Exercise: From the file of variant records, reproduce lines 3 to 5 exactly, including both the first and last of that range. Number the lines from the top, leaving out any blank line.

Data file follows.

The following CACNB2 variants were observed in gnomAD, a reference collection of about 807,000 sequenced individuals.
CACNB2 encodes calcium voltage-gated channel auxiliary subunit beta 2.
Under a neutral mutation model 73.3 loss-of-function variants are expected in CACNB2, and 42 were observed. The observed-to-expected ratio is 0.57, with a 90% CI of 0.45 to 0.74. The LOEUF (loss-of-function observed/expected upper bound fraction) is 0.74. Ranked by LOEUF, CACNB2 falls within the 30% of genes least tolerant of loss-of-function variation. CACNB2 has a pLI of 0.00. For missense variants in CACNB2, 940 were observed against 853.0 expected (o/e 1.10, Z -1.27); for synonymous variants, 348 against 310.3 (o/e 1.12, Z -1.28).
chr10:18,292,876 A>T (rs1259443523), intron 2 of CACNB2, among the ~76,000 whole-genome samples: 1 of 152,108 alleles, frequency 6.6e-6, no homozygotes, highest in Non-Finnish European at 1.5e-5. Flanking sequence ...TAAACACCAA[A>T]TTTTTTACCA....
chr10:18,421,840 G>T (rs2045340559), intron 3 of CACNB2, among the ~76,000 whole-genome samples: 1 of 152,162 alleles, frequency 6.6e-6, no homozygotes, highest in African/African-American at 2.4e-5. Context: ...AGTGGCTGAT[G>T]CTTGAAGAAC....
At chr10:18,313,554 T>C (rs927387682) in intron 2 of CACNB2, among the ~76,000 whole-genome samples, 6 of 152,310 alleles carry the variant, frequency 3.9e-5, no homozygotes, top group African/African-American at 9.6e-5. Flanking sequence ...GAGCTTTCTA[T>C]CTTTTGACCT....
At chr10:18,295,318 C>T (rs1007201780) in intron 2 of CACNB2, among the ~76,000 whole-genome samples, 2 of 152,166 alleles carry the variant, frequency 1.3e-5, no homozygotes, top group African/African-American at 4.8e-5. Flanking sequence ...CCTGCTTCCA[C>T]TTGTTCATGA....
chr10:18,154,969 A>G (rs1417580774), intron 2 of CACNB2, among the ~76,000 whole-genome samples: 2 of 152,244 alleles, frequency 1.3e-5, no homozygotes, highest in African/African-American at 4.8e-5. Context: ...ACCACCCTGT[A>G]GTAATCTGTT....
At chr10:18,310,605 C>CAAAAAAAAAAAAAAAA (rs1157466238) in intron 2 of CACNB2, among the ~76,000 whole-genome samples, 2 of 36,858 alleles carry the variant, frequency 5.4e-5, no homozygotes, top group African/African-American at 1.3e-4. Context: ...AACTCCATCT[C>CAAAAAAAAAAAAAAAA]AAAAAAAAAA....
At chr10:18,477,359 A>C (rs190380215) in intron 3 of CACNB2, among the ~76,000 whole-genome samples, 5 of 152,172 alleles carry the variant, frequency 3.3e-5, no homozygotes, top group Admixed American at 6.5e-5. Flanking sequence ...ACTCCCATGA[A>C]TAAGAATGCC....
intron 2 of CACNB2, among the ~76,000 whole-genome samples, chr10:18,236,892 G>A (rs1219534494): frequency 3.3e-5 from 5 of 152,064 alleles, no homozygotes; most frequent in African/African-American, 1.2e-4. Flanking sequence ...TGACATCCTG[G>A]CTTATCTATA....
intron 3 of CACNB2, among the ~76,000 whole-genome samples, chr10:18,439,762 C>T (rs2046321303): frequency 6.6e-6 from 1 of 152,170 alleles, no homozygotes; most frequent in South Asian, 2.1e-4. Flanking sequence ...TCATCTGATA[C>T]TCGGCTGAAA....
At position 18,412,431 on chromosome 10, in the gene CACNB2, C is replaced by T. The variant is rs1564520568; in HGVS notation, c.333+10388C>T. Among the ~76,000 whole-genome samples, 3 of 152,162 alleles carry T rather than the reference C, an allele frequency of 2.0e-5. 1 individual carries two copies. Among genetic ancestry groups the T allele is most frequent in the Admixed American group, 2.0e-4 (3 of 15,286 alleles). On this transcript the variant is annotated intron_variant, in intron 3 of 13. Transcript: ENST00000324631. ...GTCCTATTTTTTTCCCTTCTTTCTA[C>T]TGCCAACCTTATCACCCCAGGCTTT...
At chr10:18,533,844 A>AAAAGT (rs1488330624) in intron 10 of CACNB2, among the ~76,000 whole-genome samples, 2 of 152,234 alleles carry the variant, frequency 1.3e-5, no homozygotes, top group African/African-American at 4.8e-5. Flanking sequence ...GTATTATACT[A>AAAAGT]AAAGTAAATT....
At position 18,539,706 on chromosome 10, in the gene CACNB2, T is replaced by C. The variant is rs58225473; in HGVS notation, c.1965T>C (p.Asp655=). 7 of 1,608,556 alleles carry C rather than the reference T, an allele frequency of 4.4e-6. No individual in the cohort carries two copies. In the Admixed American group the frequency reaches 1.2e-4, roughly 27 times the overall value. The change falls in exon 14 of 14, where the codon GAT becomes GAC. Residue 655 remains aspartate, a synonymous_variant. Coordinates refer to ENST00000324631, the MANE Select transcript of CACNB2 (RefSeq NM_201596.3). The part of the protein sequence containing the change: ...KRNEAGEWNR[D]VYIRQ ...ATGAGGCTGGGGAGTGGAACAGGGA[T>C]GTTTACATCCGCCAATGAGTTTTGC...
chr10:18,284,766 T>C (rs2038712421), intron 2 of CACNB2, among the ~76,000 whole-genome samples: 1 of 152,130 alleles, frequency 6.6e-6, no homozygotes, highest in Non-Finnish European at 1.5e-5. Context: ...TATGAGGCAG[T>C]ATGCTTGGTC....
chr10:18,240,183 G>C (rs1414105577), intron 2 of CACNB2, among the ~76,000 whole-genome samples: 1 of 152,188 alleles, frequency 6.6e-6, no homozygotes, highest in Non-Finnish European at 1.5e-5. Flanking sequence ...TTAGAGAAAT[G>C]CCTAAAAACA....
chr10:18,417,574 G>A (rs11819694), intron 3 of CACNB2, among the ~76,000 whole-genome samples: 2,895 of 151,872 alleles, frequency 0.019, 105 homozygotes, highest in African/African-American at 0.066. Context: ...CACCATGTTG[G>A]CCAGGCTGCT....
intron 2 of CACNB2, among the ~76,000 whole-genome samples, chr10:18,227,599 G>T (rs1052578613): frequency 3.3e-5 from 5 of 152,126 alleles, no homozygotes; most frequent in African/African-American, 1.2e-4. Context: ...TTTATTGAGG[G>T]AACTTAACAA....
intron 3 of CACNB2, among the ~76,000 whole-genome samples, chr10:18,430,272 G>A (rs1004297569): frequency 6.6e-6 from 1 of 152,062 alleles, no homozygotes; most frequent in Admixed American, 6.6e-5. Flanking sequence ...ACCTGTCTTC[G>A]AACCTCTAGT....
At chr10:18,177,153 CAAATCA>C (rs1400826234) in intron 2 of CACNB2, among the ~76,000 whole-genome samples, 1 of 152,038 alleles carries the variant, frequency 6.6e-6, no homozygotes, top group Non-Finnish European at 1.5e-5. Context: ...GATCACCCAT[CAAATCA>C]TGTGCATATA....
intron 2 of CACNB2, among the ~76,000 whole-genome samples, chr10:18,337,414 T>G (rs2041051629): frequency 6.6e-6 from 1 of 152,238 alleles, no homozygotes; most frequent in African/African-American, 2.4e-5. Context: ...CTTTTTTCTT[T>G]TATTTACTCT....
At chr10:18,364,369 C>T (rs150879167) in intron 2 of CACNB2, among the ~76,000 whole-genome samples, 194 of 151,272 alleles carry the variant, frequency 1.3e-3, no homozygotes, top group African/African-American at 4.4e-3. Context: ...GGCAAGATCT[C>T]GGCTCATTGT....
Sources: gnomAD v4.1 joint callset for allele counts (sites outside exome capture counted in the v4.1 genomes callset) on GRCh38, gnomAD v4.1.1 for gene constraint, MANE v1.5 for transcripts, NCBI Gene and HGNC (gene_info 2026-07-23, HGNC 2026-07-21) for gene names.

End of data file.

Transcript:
Under a neutral mutation model 73.3 loss-of-function variants are expected in CACNB2, and 42 were observed. The observed-to-expected ratio is 0.57, with a 90% CI of 0.45 to 0.74. The LOEUF (loss-of-function observed/expected upper bound fraction) is 0.74. Ranked by LOEUF, CACNB2 falls within the 30% of genes least tolerant of loss-of-function variation. CACNB2 has a pLI of 0.00. For missense variants in CACNB2, 940 were observed against 853.0 expected (o/e 1.10, Z -1.27); for synonymous variants, 348 against 310.3 (o/e 1.12, Z -1.28).
chr10:18,292,876 A>T (rs1259443523), intron 2 of CACNB2, among the ~76,000 whole-genome samples: 1 of 152,108 alleles, frequency 6.6e-6, no homozygotes, highest in Non-Finnish European at 1.5e-5. Flanking sequence ...TAAACACCAA[A>T]TTTTTTACCA....
chr10:18,421,840 G>T (rs2045340559), intron 3 of CACNB2, among the ~76,000 whole-genome samples: 1 of 152,162 alleles, frequency 6.6e-6, no homozygotes, highest in African/African-American at 2.4e-5. Context: ...AGTGGCTGAT[G>T]CTTGAAGAAC....